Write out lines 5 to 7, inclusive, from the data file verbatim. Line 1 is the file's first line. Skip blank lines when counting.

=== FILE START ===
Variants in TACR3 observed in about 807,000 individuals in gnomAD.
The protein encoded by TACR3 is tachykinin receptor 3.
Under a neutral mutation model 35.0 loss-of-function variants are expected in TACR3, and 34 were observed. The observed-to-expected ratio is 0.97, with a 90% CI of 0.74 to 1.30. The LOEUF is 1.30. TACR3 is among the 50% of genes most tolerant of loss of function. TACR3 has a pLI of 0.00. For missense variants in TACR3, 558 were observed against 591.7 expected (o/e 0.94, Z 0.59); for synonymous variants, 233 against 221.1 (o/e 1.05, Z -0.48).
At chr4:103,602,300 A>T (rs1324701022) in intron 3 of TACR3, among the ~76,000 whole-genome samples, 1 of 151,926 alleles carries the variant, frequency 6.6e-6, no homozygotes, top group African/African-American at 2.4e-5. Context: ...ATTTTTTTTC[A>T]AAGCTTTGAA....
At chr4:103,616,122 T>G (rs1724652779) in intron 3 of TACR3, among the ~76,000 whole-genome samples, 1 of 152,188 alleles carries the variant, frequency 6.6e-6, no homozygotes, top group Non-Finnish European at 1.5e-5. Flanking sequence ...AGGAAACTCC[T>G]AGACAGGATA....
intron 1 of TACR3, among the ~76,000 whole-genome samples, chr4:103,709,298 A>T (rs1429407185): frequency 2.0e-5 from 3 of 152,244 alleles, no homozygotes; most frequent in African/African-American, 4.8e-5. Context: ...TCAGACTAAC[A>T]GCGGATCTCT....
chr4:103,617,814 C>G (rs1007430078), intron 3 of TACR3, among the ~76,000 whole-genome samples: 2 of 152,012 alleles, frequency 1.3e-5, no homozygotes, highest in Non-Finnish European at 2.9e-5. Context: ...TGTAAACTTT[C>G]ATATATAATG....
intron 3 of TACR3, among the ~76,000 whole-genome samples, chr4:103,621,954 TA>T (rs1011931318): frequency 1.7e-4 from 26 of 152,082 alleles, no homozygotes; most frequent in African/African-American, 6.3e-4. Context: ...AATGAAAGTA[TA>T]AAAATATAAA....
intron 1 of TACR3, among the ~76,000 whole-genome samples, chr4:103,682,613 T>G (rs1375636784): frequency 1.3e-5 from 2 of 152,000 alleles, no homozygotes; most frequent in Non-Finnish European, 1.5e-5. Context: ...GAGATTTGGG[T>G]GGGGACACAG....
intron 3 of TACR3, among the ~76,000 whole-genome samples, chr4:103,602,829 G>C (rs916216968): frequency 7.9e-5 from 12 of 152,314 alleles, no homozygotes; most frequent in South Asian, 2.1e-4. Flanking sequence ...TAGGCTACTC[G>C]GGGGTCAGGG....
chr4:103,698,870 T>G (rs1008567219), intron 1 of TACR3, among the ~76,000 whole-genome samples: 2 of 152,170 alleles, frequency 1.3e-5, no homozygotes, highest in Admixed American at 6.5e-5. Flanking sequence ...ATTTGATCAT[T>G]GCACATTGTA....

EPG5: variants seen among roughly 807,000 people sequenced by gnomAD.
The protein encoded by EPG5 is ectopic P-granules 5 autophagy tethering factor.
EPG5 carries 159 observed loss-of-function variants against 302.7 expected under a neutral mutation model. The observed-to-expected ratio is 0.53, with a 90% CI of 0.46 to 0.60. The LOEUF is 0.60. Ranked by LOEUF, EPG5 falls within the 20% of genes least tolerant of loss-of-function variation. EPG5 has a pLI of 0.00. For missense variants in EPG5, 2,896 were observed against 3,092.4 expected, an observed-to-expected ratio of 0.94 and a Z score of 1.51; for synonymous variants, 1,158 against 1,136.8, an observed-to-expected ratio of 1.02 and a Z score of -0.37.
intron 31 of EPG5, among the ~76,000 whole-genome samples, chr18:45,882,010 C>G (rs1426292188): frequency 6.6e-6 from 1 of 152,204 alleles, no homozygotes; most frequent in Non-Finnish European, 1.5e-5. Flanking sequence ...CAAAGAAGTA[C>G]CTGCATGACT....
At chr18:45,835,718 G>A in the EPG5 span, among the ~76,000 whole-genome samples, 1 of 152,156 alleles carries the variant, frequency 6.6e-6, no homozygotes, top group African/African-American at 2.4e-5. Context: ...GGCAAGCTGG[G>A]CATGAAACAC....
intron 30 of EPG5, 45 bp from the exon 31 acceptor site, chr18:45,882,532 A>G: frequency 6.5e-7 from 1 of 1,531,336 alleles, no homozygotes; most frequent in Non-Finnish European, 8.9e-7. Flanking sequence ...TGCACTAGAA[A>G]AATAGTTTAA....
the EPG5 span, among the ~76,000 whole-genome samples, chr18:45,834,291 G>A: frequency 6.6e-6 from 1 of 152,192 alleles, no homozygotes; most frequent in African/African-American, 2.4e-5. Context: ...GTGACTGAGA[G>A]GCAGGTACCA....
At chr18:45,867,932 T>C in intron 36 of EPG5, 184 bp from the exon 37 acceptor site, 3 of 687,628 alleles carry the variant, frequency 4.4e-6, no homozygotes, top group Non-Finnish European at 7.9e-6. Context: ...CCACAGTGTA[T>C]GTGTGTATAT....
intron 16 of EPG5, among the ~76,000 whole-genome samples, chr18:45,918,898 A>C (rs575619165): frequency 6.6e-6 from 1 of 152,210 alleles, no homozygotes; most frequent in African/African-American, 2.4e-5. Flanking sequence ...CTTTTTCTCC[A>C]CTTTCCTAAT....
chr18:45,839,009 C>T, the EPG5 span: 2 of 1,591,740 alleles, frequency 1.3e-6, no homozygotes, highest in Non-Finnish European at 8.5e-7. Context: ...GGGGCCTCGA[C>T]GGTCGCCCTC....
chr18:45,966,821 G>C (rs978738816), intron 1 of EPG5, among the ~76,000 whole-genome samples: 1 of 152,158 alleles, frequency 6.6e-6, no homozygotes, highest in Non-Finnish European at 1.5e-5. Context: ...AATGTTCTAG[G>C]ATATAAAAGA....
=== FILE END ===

At chr4:103,616,122 T>G (rs1724652779) in intron 3 of TACR3, among the ~76,000 whole-genome samples, 1 of 152,188 alleles carries the variant, frequency 6.6e-6, no homozygotes, top group Non-Finnish European at 1.5e-5. Flanking sequence ...AGGAAACTCC[T>G]AGACAGGATA....
intron 1 of TACR3, among the ~76,000 whole-genome samples, chr4:103,709,298 A>T (rs1429407185): frequency 2.0e-5 from 3 of 152,244 alleles, no homozygotes; most frequent in African/African-American, 4.8e-5. Context: ...TCAGACTAAC[A>T]GCGGATCTCT....
chr4:103,617,814 C>G (rs1007430078), intron 3 of TACR3, among the ~76,000 whole-genome samples: 2 of 152,012 alleles, frequency 1.3e-5, no homozygotes, highest in Non-Finnish European at 2.9e-5. Context: ...TGTAAACTTT[C>G]ATATATAATG....